Book Review – ‘Night Hunt’ (#9 Harbinger P.I.) by Adam Wright

A faltering, flat instalment for the series.

Genre: Fantasy, Mystery

No. of pages: 201

The night is dark…and full of paranormal killers.

If Jason, Michael, and Freddy were merged into one being and given supernatural powers, the result would be something like Mister Scary. He’s been carrying out his murders from the Shadow Land for way too long now. It’s time to put him down.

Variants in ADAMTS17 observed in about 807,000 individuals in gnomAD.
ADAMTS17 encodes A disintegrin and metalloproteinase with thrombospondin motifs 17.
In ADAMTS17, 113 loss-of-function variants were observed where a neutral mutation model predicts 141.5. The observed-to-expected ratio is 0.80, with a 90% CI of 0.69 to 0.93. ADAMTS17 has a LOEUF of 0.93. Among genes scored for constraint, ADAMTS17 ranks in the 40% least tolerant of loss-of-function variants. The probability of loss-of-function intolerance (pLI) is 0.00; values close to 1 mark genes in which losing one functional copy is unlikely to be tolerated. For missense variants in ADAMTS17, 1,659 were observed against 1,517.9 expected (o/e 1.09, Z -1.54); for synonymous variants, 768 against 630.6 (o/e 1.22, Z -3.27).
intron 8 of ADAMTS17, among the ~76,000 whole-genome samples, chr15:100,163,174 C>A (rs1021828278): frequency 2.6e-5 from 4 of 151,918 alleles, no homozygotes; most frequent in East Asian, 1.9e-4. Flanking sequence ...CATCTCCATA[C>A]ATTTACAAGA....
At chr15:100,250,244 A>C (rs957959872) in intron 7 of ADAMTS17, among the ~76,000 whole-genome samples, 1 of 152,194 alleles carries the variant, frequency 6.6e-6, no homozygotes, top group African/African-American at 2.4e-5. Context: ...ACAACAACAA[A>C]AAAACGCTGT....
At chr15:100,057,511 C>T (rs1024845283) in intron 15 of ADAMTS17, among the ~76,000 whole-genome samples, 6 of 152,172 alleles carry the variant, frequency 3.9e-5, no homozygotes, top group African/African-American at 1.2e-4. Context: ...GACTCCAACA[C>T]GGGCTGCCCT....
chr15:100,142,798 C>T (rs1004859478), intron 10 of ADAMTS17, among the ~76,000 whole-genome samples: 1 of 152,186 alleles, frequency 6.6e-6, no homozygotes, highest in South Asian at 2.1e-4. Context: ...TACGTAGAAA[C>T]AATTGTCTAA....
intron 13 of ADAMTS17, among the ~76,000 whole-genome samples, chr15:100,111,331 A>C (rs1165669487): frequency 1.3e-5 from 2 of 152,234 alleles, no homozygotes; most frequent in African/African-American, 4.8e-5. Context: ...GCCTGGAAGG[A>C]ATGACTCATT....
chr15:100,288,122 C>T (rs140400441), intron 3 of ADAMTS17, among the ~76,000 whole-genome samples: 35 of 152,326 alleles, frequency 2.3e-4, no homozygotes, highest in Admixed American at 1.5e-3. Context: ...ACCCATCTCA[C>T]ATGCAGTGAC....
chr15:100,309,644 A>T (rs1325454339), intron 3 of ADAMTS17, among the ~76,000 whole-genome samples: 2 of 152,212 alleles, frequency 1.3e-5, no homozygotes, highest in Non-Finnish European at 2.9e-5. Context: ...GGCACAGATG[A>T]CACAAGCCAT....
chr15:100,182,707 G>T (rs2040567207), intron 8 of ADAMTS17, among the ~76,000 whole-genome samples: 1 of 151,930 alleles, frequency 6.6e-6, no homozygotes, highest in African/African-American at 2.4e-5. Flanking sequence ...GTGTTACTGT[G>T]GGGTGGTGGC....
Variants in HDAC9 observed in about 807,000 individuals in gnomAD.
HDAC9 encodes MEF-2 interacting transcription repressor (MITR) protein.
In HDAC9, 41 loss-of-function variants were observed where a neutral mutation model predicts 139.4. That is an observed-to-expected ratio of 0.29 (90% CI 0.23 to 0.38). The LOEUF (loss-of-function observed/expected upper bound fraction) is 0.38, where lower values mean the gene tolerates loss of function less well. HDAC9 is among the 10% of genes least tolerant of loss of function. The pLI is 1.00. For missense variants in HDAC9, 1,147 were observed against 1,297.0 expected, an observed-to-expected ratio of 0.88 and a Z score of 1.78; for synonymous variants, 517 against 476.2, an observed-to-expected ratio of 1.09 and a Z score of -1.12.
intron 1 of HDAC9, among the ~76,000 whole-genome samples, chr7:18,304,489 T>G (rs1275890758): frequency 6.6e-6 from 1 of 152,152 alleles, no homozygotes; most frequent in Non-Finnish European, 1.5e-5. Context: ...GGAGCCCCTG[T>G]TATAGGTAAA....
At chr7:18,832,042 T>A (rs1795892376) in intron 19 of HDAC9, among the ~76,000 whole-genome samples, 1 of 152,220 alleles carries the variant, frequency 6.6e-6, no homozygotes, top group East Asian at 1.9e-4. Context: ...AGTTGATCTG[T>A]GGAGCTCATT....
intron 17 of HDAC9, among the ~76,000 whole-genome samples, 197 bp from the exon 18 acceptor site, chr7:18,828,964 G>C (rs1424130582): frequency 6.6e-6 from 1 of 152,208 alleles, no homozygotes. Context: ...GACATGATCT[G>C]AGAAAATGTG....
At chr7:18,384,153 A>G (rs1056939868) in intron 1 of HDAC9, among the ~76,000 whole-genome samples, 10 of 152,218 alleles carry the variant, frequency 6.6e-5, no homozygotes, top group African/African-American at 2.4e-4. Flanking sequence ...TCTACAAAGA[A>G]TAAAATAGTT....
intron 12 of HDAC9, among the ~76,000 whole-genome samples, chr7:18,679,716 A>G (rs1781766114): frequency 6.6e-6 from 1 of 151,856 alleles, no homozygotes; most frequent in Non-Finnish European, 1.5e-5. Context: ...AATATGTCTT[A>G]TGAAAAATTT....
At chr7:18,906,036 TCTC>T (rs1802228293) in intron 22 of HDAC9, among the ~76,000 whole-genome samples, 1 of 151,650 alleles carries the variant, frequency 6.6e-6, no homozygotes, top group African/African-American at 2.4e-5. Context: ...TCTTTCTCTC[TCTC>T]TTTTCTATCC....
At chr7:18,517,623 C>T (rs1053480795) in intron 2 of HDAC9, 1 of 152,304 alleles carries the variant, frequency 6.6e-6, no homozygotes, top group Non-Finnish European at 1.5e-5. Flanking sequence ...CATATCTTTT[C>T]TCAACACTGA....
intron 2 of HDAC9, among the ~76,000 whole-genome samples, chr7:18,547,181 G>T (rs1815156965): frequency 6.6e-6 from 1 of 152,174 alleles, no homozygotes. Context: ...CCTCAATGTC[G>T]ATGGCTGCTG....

It was fun to delve into the Harbinger franchise once again – this is a guilty pleasure read for me. Adam Wright has a great imagination and can weave the familiar and unfamiliar with ease. Thought to be honest, I felt like I was reading one of my high schoolers papers. At the end of Chapter 2 the last three pages were repeated again at the start of Chapter three. There were obvious grammatical errors and missing words that hampered an immersive experience. Additionally, Wrights writing style seemed to have devolved. This manuscript felt rushed into publication. There was a lot of telling and little showing, an awful amount of repetition, and a serendipity of events that seemed to fall together without an obstacle. ‘Night Hunt’ read like a first draft, still needing a bit of development and editing. It was really disappointing as this series has wormed its way under my skin.